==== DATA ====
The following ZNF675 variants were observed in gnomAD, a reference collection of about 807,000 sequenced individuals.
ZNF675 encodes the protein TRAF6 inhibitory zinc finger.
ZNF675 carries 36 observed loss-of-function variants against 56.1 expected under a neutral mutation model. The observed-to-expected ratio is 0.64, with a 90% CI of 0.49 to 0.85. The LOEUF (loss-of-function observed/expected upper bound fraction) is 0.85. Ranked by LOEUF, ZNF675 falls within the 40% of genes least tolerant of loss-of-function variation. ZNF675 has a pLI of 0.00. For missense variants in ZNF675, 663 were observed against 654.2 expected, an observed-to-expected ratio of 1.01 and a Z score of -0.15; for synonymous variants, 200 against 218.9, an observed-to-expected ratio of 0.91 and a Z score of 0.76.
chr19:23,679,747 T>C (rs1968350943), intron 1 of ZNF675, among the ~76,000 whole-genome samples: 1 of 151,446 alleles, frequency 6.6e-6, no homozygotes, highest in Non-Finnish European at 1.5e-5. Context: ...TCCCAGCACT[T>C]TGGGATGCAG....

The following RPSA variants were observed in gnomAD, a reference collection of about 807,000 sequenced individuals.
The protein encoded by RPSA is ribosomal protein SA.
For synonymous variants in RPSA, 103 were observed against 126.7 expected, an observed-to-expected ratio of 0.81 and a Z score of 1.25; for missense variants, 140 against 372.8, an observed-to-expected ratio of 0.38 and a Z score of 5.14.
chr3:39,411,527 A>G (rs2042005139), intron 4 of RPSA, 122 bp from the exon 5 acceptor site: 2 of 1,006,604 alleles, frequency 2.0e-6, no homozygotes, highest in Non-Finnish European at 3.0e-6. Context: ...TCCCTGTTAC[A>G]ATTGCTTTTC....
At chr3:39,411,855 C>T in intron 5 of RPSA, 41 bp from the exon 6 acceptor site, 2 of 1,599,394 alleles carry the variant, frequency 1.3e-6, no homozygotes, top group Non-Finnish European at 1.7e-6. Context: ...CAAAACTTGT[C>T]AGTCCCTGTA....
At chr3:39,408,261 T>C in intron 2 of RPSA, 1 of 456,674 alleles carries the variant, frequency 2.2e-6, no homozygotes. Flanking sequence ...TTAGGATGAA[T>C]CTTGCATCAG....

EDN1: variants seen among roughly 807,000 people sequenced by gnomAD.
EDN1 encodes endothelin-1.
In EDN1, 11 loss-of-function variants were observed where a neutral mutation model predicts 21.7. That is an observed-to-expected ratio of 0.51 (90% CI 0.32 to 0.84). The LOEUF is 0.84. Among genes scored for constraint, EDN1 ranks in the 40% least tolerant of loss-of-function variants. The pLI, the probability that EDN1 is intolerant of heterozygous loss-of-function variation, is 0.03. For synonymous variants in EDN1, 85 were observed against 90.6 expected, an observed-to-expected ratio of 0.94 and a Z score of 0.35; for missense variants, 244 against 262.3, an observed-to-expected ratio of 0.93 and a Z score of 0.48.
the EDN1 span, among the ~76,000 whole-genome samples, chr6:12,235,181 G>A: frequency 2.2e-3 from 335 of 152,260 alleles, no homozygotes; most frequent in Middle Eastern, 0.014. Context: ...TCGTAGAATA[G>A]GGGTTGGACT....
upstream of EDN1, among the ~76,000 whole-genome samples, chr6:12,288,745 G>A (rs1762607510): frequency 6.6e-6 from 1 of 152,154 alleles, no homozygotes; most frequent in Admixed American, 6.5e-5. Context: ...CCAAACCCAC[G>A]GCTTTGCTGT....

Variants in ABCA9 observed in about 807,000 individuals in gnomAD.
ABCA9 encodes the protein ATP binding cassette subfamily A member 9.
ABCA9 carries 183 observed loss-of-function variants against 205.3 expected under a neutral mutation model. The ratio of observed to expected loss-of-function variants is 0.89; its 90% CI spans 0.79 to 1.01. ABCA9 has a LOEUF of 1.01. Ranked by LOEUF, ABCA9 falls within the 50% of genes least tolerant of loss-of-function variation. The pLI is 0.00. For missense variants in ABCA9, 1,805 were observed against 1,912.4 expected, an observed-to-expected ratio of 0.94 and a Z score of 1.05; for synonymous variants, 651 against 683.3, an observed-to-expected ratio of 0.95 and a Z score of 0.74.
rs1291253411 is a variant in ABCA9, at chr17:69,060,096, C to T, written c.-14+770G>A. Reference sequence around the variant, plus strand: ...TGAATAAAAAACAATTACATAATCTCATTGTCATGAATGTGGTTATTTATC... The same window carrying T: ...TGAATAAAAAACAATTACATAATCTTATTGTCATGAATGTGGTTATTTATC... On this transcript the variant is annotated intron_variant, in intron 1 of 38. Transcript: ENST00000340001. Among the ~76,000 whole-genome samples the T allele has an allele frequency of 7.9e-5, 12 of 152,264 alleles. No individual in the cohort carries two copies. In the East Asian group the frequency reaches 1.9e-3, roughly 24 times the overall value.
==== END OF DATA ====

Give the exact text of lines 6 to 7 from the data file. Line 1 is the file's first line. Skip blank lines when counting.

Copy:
The protein encoded by RPSA is ribosomal protein SA.
For synonymous variants in RPSA, 103 were observed against 126.7 expected, an observed-to-expected ratio of 0.81 and a Z score of 1.25; for missense variants, 140 against 372.8, an observed-to-expected ratio of 0.38 and a Z score of 5.14.